A group of international media NGOs has expressed their concern over the lack of transparency and public consultation in the implementation of reforms stemming from the public inquiry into journalist Daphne Caruana Galizia’s assassination.

The NGOs, which include Reporters without Borders and the European Federation of Journalists, said this lack of transparency by both the government and an expert committee on media reforms had been evident at every stage of the process.

“Unfortunately, despite the assertions of the committee and of government that the proposals were “widely consulted,” at every stage the work of the committee and the government has been shrouded in secrecy and there have been no open consultations with civil society or a broader range of stakeholders,” the NGOs said.

Appointed in January 2022, the committee was given two months to provide feedback on changes to laws about press freedom, anti-SLAPP provisions and libel laws.

SLAPPS - strategic lawsuits against public participation - are tactics such as groundless defamation actions that are used to harass journalists.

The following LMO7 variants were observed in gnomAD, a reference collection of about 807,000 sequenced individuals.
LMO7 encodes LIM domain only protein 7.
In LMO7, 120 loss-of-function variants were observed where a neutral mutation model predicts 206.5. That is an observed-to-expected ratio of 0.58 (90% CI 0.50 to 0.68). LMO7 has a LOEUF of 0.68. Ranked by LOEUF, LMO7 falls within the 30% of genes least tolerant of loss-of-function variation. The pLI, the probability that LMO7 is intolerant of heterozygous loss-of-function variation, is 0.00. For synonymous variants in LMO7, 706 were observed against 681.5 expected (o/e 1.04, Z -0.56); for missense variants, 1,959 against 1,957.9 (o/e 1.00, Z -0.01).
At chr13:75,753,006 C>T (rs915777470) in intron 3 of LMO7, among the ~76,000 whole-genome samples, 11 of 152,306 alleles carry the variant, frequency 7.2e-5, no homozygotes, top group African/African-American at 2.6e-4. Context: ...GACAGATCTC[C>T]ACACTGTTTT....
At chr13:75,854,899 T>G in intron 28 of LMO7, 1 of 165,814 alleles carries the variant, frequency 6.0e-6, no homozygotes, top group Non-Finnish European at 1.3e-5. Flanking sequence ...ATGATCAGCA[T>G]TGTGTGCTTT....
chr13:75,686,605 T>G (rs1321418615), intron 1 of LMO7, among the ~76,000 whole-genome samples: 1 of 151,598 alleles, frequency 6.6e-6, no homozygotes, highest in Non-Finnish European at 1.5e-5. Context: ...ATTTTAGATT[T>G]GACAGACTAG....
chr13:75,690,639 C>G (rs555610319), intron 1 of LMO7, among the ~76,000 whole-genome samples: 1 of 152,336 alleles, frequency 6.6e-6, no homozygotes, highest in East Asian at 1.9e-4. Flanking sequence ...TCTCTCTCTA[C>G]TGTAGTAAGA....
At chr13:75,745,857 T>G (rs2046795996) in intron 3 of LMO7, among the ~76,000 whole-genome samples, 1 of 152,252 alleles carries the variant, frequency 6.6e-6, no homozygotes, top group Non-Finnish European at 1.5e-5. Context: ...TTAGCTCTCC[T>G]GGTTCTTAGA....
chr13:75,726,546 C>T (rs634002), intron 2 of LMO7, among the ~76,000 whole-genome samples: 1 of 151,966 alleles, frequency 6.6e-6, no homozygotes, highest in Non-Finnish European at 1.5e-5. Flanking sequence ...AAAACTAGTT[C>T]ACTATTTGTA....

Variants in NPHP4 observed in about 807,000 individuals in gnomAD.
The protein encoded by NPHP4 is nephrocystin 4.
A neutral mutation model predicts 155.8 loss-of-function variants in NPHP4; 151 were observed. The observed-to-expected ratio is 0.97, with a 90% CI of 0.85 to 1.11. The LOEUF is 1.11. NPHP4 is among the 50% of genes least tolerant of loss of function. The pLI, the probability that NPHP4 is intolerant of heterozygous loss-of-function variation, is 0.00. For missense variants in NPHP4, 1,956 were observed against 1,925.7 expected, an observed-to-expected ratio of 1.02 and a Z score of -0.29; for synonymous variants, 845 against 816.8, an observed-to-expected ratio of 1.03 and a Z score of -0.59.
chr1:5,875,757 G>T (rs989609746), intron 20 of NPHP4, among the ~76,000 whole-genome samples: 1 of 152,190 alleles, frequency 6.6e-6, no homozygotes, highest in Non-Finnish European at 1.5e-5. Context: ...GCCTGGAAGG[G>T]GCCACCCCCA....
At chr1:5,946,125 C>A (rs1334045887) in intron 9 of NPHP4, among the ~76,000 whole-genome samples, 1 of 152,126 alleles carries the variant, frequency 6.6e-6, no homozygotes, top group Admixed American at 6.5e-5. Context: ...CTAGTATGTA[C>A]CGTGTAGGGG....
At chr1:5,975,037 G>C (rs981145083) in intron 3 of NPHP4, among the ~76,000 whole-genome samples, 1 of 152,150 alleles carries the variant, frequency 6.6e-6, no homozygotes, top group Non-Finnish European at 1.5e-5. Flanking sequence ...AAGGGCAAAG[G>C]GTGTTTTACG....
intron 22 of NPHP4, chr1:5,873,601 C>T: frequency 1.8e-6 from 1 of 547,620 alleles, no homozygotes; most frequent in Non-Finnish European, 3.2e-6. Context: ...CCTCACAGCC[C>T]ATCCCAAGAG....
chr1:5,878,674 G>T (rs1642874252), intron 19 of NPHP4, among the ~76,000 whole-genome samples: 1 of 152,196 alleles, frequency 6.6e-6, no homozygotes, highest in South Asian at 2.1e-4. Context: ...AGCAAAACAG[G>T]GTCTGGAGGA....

The NGOs have urged the government and committee to take further steps to meet its international human rights obligations and fully protect and promote a safe media environment in Malta by offering a range of recommendations for how the proposals can fully ensure comprehensive protection from SLAPPs.

They said it is incumbent on the government and committee to ensure anti-SLAPP legislation meets the highest international standards rather than the minimum criteria that may be established in EU law or treaty.

The NGOs said standalone comprehensive anti-SLAPP law with a broad personal scope that recognises that SLAPPs are aimed at restricting transparent debate on issues of public importance and can impact anybody who wants to hold power to account.

Media reforms represent only a small portion of the slew of recommendations by the inquiry into Caruana Galizia’s murder.

The panel of judges had also recommended introducing legislation to rein in big business and lobbying.

Other recommendations that appear to have been ignored by the government include introducing a law criminalising obstruction of justice by government officials, and a specific abuse of office law for public officials.

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